Eating & Drinking

Pic: Mehmet Aktugan used under CC

Eating & Drinking in Tokyo

The Basics

If you’re new to, or want to brush up on your knowledge of the vast array of Japanese dishes have a quick listen to our podcast episodes explaining Japanese cuisine part 1 and part 2.

Cheap Dinner, Posh Lunch

This is the Cheapo Golden Rule for eating out in Tokyo. Even the most famous restaurants have great lunch deals – so take advantage of them. Dinner on the other hand is always pricey, so go to the consistently cheap places in the evening.

Noodles & Onigiri

Unless you’re on a low carbohydrate diet, you can rarely go wrong with noodles for a cheapo lunch or dinner. Places like Sanuki Udon Hanamaru which serve Udon (wheat flour noodles) are the cheapest and a great option if you’re in a hurry and you need to eat. Ramen and Soba are the other major types that you’ll come across. The varieties are and combinations are endless. Onigiri are another great, healthy, cheapo staple available from every convenience store and supermarket in the land.

Sushi and other Japanese Cuisine

Sushi and other particular kinds of Japanese cooking are generally a bit pricier than noodles, but there are options which provide good value at a reasonable price. Ootoya is a great place to get a hearty Japanese ‘teishoku’.

International Cuisine

For food, Tokyo is as cosmopolitan as anywhere in the world. French and Italian have the longest history in Japan and consequently there are a lot of places serving these cuisines. For cheap, tasty pasta, places like La Boheme are a good bet.

Japanese Beef

The Japanese are serious about their beef, with their famous “brand beef” like Matsuzaka or Kobe Gyu prices can really shoot sky high for a piece of A rank wagyu steak or yaki niku. A cheap way of sampling some quality meat is going for a 100% Japanese Wagyu beef hamburg (yes hamburg, not hamburger).

Bars and Izakayas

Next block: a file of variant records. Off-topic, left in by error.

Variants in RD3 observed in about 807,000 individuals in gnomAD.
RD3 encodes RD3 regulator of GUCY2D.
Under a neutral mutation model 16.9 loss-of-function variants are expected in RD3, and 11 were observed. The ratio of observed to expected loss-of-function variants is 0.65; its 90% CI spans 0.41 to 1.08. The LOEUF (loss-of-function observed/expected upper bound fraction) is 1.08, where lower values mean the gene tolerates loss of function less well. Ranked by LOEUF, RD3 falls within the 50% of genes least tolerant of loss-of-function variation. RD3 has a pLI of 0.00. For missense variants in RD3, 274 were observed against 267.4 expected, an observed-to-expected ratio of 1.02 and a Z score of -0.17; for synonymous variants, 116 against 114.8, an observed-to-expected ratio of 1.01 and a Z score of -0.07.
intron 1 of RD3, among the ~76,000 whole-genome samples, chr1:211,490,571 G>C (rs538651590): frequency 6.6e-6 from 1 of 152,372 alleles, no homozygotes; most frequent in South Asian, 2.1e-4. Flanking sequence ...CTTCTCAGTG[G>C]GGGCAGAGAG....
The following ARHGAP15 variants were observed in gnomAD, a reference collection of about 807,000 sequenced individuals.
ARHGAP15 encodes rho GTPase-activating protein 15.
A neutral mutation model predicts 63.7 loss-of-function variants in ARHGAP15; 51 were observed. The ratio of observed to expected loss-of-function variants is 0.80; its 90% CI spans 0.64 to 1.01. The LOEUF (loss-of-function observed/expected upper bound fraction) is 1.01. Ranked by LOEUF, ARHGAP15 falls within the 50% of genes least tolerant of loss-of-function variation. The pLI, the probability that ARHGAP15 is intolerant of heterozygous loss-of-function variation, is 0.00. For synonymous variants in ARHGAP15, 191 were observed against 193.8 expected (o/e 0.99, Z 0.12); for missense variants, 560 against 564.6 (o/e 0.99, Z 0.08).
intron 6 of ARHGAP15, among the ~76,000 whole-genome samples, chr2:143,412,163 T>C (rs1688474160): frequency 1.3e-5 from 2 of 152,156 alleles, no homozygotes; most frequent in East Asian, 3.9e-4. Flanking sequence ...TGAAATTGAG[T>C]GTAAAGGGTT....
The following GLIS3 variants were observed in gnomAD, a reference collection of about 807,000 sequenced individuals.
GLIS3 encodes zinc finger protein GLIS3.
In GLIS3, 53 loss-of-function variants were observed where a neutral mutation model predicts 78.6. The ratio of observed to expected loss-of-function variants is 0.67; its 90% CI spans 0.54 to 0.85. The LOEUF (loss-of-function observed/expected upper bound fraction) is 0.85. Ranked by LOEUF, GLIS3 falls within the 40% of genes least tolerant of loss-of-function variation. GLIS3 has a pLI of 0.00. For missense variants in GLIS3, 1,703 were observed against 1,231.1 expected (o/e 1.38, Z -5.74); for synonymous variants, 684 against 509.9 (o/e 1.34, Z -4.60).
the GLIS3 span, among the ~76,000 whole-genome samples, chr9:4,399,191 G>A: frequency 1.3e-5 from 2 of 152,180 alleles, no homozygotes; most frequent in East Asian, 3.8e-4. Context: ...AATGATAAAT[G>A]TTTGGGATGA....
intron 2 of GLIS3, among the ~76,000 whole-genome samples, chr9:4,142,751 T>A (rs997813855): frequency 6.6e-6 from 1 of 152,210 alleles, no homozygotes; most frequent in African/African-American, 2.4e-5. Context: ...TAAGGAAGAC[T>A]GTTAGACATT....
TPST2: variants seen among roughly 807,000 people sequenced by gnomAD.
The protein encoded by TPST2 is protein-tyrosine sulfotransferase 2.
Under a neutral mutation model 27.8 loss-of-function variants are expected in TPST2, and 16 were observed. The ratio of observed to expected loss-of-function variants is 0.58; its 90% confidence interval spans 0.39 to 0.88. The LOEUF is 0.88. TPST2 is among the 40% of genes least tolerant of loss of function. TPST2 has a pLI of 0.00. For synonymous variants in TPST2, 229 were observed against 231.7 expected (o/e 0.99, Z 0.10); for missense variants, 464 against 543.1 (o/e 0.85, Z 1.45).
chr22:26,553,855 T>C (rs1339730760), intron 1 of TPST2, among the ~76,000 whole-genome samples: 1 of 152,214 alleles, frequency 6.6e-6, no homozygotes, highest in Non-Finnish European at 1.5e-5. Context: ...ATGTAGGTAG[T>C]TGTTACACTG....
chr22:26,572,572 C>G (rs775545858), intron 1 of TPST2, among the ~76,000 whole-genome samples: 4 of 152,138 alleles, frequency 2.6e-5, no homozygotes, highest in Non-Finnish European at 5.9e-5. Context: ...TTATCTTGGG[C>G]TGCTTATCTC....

Izakayas (Japanese style pubs with food) usually have the cheapest drinks, but keep in mind you’ll pay a seating charge, so for 1 or 2 drinks a bar might be better value. Although you may find ‘standing bars’ with prices as low as 300yen for a standard drink, most of them cost quite a bit more. The advantage over an Izakaya is that you can actually meet and interact with your fellow customers – something that can be a little more difficult to do at an izakaya. Most clubs will have an entrance fee of a few thousand yen with one or two drinks thrown in. Look out for some good deals though – like this drinking all night deal.

Healthy and Vegetarian Options

Japan with it’s fishing island based history can be a little tricky if you’re a strick vegetarian or vegan, we’ve got some healthy, veggie and vegan options so check out this post as a starting point.

Take-out and Picnics

If shopping for a picnic or preparing food at home, Yamaya, Hanamasa or OK Supermarket are great places to start.

Tokyo Hipster Coffee Boom

Finding a good espresso in Tokyo used to be an oasis in a sea of smokey salaryman filled chain cafe misery, but in the last few years a lot of great coffee shops have started to pop up especially within a few square miles of Shibuya. Here’s a few to get you started:

Turret Coffee in Tsukiji
Bear Pond Espresso in Shimokitazawa
Streamer and Fuglen in Shibuya
Omotesando Coffee and Motoya in Omotesando.

Image credit: Mehmet Aktugan used under CC license

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